Here’s The Opinion — Will The Appropriation Be In The Mail?

Independent Judicary. . . In New Mexico?

At the end of a decision that abandoned the separation of powers in order to uphold Gov. Bill Richardson’s unprecedented assertion of executive authority, the New Mexico Supreme Court asked for money. Not exactly like a Papal indulgence or anything, but still pretty venal. And unwarranted, in so far as budget matters were not even mentioned in the pleadings.

The 3-2 opinion upholdsl Richardson’s removal of all Gary Johnson appointees to the Judicial Standards Commission before the end of their staggered terms. The crass add-on at the end was a plea for a commission budget increase.

“The lack of funding to this body may pose a greater threat than the governor’s recent action,” said the majority opinion by Chief Justice Petra Maes.

That’s precisely the point, dissenting Justice Pamela Minzner responded, in so many words. “As an entity that has had limited resources with which to discharge its responsibilities, such a disruption seems particularly unfortunate.” So why not stop him?

The two sides were that close. All five members of the state’s highest court agreed that the governor’s replacement of the lay majority, all appointed over eight years by former Gov. Johnson, disrupted the watchdog agency that receives about 1,000 complaints a year against judges and magistrates.

Even the majority, while demeaning the commission as subordinate to them, agreed that some of the state’s judges do bear watching.

Where Maes and Justices Edward Chavez and Patricio Serna parted company with Minzner and Justice Richard Bosson was on the question what could be done about the executive housecleaning of an agency that answers to them, not to the governor.

The majority bowed respectfully out, saying the governor had some absolute powers that not even the Supreme Court shared. The opinion said it was up to the Legislature, not the high court, check him. Too late, of course. But the majority invited the Legislature to “step in now to protect this commission from future interference.”

The majority found that the constitutional power of the governor to remove, without cause, any gubernatorial appointee mid term is absolute unless limited by legislation. (With the Transportation Commission law changed by the 2003 Legislature, the only appointees still protected by law apparently are university regents.)

Now, the dissenting two of the minority agreed with this interpretation in so far as it applies to the executive branch of government but said Richardson stepped over a fundamental constitutional line when he fired the six governor-appointed laypersons on the commission because. . . .they belong to the judicial branch. In other words, he was compromising the independence of the judiciary.

The majority disagreed, dismissing the commission as an advisory panel without judicial function.

In view of the closeness of the arguments for and against, what might have made the difference in this decision was the personal issue of trust in Richardson himself.
The opinion all but acknowledges this personal factor in its reaction to the widely quoted argument in the original petition by District Judge Frank Wilson of Alamogordo. (He is one of the five non-gubernatorial appointees on the 11-member commission, and he’s the one who, on his own after Attorney General Patricia Madrid failed to respond as time ran out before a crucial commission meeting, petitioned the high court by fax to stop the governor.) Wilson raised two political specters. On the one hand was “an unhappy but politically well connected target of an investigation calling the governor to influence the commission.” On the other, “A politically powerful citizen could enlist the aid of the governor in influencing the commission to investigate a judge with whom the citizen is dissatisfied.”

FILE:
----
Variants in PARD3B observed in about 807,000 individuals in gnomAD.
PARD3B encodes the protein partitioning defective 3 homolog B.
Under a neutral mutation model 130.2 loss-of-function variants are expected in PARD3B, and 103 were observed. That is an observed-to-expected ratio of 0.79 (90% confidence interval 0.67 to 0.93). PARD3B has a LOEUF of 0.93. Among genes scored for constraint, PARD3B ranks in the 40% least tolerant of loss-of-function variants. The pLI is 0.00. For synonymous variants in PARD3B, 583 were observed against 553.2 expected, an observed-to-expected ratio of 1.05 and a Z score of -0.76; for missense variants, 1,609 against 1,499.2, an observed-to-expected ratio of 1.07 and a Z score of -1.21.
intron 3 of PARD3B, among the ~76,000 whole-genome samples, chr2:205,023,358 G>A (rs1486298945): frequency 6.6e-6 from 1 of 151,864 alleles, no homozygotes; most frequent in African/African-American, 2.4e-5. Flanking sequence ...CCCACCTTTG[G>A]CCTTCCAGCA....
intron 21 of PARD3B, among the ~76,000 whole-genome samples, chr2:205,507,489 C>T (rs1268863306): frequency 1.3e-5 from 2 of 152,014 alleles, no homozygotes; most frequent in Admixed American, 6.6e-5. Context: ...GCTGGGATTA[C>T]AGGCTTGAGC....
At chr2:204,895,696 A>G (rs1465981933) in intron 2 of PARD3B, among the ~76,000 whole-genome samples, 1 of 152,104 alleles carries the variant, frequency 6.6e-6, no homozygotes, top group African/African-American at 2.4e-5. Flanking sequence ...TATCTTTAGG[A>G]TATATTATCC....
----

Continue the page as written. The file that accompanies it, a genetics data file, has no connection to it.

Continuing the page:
Maes responded in the majority opinion: “We recognize that such a situation, though unlikely, would be unfortunate.” She did not explain why the Wilson specters are “unlikely.”

By contrast, she said, the intent of the legislature in giving governor-appointed lay people the chairmanship and a one-vote majority might have been to prevent “members of the judiciary from unduly influencing the investigations of the commission.” Meaning who?

A footnote added, “We will not speculate on this governor’s motive for removing all six executive appointees at one time, although we observe that he is certainly not the first,” etc., to fire holdovers.

Bosson, with Minzner concurring, wrote, “I cast my vote as I do, regardless of the benign motives of this governor or any other appointing authority.” (The others: the Supreme Court appoints two judges and one magistrate; the State Bar appoints two lawyers.)

“Indeed,” the dissent continued, “in the constitutional sense, motives are irrelevant to our analysis. Either the constitution tolerates the power to replace commission members or it does not. In interpreting the constitution, we write for the future, not just the present. Wholesale replacement of commission members will subject future commissions to unfettered control of one political office.”

Richardson and legislative leaders have not commented, but the ball is in their collegial court, and it could take some funny bounces.

A funding increase would gratify the new Richardson commission majority, but could be seen as a reward for stepping out of bounds.

A statute limiting the removal authority in the future might give commissioners some job security, but could be seen as an admission that the governor got away with something. And Republicans?

They might want to keep their opportunities open, given the politicized atmosphere surrounding the judiciary these days